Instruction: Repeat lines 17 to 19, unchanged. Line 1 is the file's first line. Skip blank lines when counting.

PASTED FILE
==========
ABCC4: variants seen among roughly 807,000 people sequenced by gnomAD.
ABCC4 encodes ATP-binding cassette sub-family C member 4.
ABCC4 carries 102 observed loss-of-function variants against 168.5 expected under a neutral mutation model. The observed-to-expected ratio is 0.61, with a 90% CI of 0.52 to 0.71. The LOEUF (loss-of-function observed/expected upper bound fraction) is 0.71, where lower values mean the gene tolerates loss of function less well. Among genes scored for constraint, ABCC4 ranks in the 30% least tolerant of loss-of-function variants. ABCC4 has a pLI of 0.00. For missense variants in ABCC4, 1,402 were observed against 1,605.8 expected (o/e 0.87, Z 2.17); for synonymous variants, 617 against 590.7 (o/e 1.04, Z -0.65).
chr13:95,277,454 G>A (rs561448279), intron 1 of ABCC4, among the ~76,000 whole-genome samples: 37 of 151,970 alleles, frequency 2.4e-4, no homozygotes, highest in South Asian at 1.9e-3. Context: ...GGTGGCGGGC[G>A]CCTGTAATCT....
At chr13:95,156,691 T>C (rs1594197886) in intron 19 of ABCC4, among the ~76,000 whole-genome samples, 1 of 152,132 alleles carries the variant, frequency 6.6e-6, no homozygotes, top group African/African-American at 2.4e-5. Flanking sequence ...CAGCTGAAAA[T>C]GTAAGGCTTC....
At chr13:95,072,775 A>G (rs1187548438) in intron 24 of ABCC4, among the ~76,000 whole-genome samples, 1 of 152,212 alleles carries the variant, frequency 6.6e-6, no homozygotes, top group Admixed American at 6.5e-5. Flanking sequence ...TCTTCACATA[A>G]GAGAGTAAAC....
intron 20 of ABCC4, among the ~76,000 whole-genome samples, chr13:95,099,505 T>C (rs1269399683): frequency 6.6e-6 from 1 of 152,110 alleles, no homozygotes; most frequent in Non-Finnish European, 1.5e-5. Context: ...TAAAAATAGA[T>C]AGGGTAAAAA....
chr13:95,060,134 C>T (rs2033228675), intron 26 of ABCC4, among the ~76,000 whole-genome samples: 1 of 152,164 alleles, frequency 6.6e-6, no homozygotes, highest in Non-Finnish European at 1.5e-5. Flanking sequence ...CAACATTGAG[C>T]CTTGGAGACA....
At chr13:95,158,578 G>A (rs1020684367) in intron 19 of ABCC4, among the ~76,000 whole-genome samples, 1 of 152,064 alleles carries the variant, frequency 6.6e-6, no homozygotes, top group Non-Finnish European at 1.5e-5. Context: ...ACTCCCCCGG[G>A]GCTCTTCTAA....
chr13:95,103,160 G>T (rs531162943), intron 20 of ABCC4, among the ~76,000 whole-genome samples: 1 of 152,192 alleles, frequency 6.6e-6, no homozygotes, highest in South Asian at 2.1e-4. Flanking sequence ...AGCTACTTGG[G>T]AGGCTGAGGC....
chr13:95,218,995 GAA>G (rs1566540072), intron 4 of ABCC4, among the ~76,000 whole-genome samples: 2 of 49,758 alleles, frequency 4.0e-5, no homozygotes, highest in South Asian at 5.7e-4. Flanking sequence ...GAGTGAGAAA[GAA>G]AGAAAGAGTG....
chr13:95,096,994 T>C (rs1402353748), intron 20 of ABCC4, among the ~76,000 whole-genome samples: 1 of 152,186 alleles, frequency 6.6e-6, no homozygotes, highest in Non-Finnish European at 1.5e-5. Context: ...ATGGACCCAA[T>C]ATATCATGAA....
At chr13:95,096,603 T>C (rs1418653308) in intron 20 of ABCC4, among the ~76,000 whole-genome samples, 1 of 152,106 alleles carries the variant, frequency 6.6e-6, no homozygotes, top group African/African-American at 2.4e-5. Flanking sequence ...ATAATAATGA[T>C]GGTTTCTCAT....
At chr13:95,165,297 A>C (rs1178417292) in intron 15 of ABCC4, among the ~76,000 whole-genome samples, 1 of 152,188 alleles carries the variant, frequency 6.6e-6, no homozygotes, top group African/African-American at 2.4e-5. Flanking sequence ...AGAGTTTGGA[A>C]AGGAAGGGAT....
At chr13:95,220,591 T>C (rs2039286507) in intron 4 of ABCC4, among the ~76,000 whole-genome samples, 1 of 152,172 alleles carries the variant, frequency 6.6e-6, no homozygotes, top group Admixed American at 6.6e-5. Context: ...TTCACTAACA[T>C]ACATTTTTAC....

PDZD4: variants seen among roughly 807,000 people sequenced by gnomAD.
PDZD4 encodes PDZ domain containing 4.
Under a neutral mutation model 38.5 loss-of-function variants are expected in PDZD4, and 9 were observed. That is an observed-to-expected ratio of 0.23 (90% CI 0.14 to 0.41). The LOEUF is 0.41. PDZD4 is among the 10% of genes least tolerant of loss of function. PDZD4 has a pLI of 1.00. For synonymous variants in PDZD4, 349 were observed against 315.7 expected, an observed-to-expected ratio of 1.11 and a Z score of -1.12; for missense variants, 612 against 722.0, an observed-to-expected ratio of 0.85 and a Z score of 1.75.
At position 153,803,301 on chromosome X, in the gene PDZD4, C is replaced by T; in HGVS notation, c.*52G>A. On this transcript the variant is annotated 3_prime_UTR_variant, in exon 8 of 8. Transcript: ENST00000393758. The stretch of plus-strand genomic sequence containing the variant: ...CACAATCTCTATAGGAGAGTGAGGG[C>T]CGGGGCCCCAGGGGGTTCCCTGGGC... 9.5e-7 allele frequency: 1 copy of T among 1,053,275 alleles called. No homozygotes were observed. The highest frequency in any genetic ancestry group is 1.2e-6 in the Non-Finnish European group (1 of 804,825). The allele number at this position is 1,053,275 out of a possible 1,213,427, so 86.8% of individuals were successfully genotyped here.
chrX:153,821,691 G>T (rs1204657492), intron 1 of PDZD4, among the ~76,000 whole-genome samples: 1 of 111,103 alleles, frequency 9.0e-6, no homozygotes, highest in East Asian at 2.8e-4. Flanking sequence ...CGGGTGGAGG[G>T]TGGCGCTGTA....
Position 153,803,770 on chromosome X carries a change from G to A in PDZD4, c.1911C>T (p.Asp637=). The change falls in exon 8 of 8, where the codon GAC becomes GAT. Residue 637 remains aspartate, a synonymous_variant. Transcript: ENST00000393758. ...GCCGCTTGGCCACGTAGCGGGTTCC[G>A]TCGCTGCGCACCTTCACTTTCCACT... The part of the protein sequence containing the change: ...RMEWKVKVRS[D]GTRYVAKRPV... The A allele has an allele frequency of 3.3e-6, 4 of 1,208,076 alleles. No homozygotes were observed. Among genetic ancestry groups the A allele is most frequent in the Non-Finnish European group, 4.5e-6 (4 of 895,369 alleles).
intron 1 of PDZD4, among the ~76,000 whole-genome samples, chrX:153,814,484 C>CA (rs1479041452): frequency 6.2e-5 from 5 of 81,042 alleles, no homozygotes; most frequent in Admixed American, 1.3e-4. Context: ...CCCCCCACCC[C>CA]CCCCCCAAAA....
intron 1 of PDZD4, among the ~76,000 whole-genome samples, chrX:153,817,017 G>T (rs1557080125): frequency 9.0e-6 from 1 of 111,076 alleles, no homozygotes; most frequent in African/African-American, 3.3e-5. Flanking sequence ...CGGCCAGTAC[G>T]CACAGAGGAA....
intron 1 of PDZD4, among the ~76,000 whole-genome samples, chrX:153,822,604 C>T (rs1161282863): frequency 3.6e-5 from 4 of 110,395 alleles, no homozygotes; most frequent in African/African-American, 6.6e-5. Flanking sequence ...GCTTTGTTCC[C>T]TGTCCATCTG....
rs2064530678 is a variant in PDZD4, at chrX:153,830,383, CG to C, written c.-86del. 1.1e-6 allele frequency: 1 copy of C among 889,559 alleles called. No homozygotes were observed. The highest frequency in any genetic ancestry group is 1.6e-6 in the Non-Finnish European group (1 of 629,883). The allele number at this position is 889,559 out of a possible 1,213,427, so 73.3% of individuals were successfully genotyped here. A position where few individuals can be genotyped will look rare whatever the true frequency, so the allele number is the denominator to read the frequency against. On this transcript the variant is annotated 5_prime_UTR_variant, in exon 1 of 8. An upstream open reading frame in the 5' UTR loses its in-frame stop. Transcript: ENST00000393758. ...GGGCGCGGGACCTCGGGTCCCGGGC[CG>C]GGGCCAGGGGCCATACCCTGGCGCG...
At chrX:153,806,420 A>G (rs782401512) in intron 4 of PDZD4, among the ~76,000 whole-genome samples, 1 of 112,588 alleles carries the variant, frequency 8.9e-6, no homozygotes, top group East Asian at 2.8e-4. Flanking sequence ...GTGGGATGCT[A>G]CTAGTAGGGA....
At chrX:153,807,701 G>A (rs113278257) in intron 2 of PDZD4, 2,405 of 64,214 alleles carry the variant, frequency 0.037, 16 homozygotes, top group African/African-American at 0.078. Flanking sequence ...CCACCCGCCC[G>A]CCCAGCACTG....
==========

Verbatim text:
PDZD4 encodes PDZ domain containing 4.
Under a neutral mutation model 38.5 loss-of-function variants are expected in PDZD4, and 9 were observed. That is an observed-to-expected ratio of 0.23 (90% CI 0.14 to 0.41). The LOEUF is 0.41. PDZD4 is among the 10% of genes least tolerant of loss of function. PDZD4 has a pLI of 1.00. For synonymous variants in PDZD4, 349 were observed against 315.7 expected, an observed-to-expected ratio of 1.11 and a Z score of -1.12; for missense variants, 612 against 722.0, an observed-to-expected ratio of 0.85 and a Z score of 1.75.
At position 153,803,301 on chromosome X, in the gene PDZD4, C is replaced by T; in HGVS notation, c.*52G>A. On this transcript the variant is annotated 3_prime_UTR_variant, in exon 8 of 8. Transcript: ENST00000393758. The stretch of plus-strand genomic sequence containing the variant: ...CACAATCTCTATAGGAGAGTGAGGG[C>T]CGGGGCCCCAGGGGGTTCCCTGGGC... 9.5e-7 allele frequency: 1 copy of T among 1,053,275 alleles called. No homozygotes were observed. The highest frequency in any genetic ancestry group is 1.2e-6 in the Non-Finnish European group (1 of 804,825). The allele number at this position is 1,053,275 out of a possible 1,213,427, so 86.8% of individuals were successfully genotyped here.